Moe’s focus is even more sharply honed these days because being number one in her business is an easy spot to lose. She is, like many businesses in California, tackling the tax laws, minimum wage requirements, and the difficulties of doing business under a strong regulatory lens. While she has to stay mainstream running the businesses she creates, it’s her approach that sets her apart. She wants anyone and everyone to feel welcome in her bars and restaurants.
Moe gave me a copy of her Barrel & Board drinks menu. It was peppered with the letter W against the wines and spirits the bar offers. The W denotes the product is made by a woman-owned business. And, she doesn’t sell anything she hasn’t tried. She puts her money where her mouth is. Moe has business partners and runs seven major establishments in San Diego. She is very energetic and has visions of a future that include possible franchise opportunities for Gossip Grill. But that’s what Moe feels is the easy part.
Underneath what appears to be a smooth operation are the constant shooting threats, hate speak, and rhetoric designed to intimidate. This ramped up over the past six years with a change in political leadership that normalized derogatory verbiage. Moe takes it in stride and won’t be dissuaded from her mission. She works with the San Diego City Council, Congressmen, and local leaders to try to ensure the community, her community, our community, is safe.
So, what of the members of the WWA? I met a wide swath of the wine landscape that night. I asked a lot of questions having started down one educational wine path, later switching to another. I had considered the Court of Master Sommeliers (CMS), but it was under scrutiny for some of its members’ behavior towards women. Six Master Sommeliers were eventually found guilty of sexual harassment, had their credentials rescinded, and were expelled from the CMS. The Master Sommeliers crowd is currently 143 men and only 25 women.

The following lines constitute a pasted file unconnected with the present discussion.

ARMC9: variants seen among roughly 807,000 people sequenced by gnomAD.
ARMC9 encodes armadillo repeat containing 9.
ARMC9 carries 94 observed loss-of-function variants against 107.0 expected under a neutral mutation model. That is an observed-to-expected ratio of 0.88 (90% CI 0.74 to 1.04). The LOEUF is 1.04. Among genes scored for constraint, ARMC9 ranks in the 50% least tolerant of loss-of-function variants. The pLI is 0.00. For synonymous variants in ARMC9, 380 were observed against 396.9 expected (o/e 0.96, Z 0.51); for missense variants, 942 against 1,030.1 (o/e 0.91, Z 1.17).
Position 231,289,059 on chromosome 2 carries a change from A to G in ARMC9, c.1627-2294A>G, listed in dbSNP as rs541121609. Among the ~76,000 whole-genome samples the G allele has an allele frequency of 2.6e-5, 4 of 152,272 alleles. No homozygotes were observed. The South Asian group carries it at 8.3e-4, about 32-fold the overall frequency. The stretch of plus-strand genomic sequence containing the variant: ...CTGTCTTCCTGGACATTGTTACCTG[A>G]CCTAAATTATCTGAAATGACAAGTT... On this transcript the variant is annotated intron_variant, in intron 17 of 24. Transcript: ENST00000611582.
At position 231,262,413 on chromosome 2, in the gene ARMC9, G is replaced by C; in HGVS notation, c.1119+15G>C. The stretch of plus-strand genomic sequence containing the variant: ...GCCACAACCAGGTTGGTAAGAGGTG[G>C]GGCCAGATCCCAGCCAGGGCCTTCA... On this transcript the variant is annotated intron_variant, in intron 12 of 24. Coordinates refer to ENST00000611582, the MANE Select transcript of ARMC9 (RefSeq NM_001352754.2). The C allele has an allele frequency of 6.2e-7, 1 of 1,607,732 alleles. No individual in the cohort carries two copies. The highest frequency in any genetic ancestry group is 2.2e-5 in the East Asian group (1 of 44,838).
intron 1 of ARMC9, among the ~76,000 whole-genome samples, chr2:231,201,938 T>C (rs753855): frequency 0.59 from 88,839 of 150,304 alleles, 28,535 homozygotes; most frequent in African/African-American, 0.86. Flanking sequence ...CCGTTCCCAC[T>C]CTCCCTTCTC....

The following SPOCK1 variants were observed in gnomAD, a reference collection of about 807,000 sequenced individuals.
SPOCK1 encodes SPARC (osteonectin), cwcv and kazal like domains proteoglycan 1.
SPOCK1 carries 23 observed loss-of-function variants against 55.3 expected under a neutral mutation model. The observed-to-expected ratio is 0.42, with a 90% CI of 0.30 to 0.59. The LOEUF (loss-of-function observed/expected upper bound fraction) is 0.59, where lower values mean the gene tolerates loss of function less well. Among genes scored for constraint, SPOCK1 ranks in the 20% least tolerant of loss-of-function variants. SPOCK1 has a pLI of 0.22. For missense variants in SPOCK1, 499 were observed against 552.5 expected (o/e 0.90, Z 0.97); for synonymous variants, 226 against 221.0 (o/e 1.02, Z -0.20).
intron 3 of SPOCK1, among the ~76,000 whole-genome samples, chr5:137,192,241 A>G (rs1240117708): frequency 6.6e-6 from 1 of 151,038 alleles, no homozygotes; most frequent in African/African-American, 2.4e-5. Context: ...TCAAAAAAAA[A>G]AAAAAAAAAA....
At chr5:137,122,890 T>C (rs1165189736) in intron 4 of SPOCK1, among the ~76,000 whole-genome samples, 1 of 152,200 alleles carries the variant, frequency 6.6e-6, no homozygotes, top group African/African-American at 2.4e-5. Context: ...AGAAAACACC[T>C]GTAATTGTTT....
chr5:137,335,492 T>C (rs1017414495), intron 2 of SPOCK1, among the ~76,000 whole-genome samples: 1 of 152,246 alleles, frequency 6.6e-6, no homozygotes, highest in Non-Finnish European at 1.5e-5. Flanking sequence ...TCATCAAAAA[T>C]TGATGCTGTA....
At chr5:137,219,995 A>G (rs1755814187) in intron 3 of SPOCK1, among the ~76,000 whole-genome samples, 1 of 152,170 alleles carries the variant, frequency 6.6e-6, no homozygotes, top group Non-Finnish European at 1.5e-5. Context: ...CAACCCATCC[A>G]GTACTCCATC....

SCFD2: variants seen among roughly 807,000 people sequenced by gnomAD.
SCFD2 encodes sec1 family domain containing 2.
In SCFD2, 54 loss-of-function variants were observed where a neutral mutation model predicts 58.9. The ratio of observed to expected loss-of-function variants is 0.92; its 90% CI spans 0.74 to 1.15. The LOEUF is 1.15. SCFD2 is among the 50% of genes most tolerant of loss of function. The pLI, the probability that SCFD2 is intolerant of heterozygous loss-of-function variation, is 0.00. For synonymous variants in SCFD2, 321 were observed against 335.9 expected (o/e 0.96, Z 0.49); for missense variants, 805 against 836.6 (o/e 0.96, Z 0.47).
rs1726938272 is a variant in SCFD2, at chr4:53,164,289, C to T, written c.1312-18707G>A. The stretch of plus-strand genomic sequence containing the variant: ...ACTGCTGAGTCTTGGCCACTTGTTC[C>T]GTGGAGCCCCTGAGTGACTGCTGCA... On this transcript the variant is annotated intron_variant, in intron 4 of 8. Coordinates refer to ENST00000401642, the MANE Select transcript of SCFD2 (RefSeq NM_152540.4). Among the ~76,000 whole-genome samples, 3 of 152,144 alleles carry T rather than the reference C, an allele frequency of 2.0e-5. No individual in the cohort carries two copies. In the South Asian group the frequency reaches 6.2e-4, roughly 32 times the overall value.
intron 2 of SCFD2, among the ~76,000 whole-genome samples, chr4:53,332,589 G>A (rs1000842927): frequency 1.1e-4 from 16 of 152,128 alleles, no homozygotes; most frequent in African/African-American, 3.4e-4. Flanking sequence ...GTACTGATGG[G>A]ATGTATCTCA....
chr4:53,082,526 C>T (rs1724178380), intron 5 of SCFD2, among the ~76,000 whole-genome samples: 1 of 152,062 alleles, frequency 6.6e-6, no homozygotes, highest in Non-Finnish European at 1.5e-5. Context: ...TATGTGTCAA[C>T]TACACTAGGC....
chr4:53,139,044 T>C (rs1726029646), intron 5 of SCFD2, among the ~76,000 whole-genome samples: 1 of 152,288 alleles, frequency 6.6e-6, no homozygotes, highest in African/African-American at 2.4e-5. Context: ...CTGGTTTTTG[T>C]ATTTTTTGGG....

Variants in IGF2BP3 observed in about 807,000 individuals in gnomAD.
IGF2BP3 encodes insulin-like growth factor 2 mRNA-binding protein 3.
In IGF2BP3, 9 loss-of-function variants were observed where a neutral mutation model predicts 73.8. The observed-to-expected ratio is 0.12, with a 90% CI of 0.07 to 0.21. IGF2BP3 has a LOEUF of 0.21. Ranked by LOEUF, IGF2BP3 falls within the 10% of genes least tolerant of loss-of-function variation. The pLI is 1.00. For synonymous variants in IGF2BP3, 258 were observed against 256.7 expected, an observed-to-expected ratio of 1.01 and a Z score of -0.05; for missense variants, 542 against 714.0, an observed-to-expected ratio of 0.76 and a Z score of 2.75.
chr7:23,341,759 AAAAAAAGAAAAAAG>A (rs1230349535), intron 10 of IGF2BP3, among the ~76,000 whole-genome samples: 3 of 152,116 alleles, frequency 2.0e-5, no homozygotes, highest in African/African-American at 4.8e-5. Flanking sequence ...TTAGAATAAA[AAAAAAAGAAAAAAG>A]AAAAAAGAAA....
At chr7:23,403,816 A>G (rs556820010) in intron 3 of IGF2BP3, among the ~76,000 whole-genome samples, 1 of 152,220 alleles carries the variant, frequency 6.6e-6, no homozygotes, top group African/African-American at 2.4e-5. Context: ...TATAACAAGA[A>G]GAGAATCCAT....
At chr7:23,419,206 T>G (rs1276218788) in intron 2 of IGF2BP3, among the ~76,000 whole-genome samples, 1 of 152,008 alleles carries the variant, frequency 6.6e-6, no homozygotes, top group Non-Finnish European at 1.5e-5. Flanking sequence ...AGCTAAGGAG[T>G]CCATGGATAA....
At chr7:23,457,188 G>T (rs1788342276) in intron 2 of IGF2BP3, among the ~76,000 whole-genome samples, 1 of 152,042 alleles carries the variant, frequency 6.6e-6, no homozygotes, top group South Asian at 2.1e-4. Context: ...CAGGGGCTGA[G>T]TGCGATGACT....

WSET courses are for wine enthusiasts as well as professionals.
Despite the statistics on the CMS, anyone wanting a credential and education in wines can turn instead to the Wine Scholar Guild, The Wine and Spirit Education Trust, and The Institute of Masters of Wine, all of whom offer scholarly programs that provide education and training for would-be sommeliers and the entire spectrum of work in the wine and spirits world.
Members in the WWA carry many of those wine credentials and are armed with knowledge and energy that is simultaneously fascinating and invigorating. That night I met women who are wine tour operators all over San Diego County, a vineyard and winery owner in Escondido, northeast of San Diego, wine distributors for import companies, and a French wine importer and distributor.
The women who volunteer for WWA are also professionals in their own right and they are passionate about wine education, entrepreneurship, and fostering information exchange and communication.
Moe opened the doors that night at Barrel & Board to a host of new ideas and new friendships. Her intentions were at the core of her mission and the women who came to the WWA that night left with a sense of empowerment and had new objectives in a supportive environment. Objectives not dissimilar to Moe’s whose grit and determination are a testament to one woman’s triumphs.